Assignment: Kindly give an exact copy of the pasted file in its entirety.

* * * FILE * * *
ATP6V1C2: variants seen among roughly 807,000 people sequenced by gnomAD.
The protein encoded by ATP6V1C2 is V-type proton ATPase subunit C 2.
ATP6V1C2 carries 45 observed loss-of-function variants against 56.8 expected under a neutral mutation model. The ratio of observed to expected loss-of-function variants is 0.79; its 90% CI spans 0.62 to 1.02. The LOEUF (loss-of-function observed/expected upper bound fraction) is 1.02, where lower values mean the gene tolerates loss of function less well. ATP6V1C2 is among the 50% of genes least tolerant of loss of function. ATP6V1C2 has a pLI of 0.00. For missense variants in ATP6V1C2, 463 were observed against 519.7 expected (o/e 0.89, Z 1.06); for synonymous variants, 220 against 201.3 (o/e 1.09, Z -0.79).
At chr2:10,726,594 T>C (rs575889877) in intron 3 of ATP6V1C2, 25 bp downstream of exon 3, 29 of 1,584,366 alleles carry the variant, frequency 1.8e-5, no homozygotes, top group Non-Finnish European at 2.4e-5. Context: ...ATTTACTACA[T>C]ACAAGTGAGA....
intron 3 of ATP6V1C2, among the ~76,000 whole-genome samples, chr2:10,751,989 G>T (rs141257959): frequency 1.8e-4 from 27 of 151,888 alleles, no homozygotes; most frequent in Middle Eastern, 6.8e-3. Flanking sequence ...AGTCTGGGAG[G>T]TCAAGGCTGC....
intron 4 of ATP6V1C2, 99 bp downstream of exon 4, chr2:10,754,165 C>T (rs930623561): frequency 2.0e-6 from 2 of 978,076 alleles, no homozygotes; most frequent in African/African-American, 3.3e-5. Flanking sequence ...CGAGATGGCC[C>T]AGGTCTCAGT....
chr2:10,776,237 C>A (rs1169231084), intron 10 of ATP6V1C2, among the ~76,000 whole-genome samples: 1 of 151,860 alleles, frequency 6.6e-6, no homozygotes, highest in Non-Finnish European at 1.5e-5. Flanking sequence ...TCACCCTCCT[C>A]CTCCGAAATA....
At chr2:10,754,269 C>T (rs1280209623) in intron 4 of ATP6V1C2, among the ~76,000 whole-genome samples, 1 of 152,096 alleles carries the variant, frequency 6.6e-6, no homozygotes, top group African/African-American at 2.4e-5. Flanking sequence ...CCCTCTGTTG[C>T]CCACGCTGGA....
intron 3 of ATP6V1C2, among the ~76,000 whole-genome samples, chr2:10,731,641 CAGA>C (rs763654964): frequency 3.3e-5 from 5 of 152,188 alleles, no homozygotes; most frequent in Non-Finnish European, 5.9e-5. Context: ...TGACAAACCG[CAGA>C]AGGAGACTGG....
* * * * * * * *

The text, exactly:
ATP6V1C2: variants seen among roughly 807,000 people sequenced by gnomAD.
The protein encoded by ATP6V1C2 is V-type proton ATPase subunit C 2.
ATP6V1C2 carries 45 observed loss-of-function variants against 56.8 expected under a neutral mutation model. The ratio of observed to expected loss-of-function variants is 0.79; its 90% CI spans 0.62 to 1.02. The LOEUF (loss-of-function observed/expected upper bound fraction) is 1.02, where lower values mean the gene tolerates loss of function less well. ATP6V1C2 is among the 50% of genes least tolerant of loss of function. ATP6V1C2 has a pLI of 0.00. For missense variants in ATP6V1C2, 463 were observed against 519.7 expected (o/e 0.89, Z 1.06); for synonymous variants, 220 against 201.3 (o/e 1.09, Z -0.79).
At chr2:10,726,594 T>C (rs575889877) in intron 3 of ATP6V1C2, 25 bp downstream of exon 3, 29 of 1,584,366 alleles carry the variant, frequency 1.8e-5, no homozygotes, top group Non-Finnish European at 2.4e-5. Context: ...ATTTACTACA[T>C]ACAAGTGAGA....
intron 3 of ATP6V1C2, among the ~76,000 whole-genome samples, chr2:10,751,989 G>T (rs141257959): frequency 1.8e-4 from 27 of 151,888 alleles, no homozygotes; most frequent in Middle Eastern, 6.8e-3. Flanking sequence ...AGTCTGGGAG[G>T]TCAAGGCTGC....
intron 4 of ATP6V1C2, 99 bp downstream of exon 4, chr2:10,754,165 C>T (rs930623561): frequency 2.0e-6 from 2 of 978,076 alleles, no homozygotes; most frequent in African/African-American, 3.3e-5. Flanking sequence ...CGAGATGGCC[C>T]AGGTCTCAGT....
chr2:10,776,237 C>A (rs1169231084), intron 10 of ATP6V1C2, among the ~76,000 whole-genome samples: 1 of 151,860 alleles, frequency 6.6e-6, no homozygotes, highest in Non-Finnish European at 1.5e-5. Flanking sequence ...TCACCCTCCT[C>A]CTCCGAAATA....
At chr2:10,754,269 C>T (rs1280209623) in intron 4 of ATP6V1C2, among the ~76,000 whole-genome samples, 1 of 152,096 alleles carries the variant, frequency 6.6e-6, no homozygotes, top group African/African-American at 2.4e-5. Flanking sequence ...CCCTCTGTTG[C>T]CCACGCTGGA....
intron 3 of ATP6V1C2, among the ~76,000 whole-genome samples, chr2:10,731,641 CAGA>C (rs763654964): frequency 3.3e-5 from 5 of 152,188 alleles, no homozygotes; most frequent in Non-Finnish European, 5.9e-5. Context: ...TGACAAACCG[CAGA>C]AGGAGACTGG....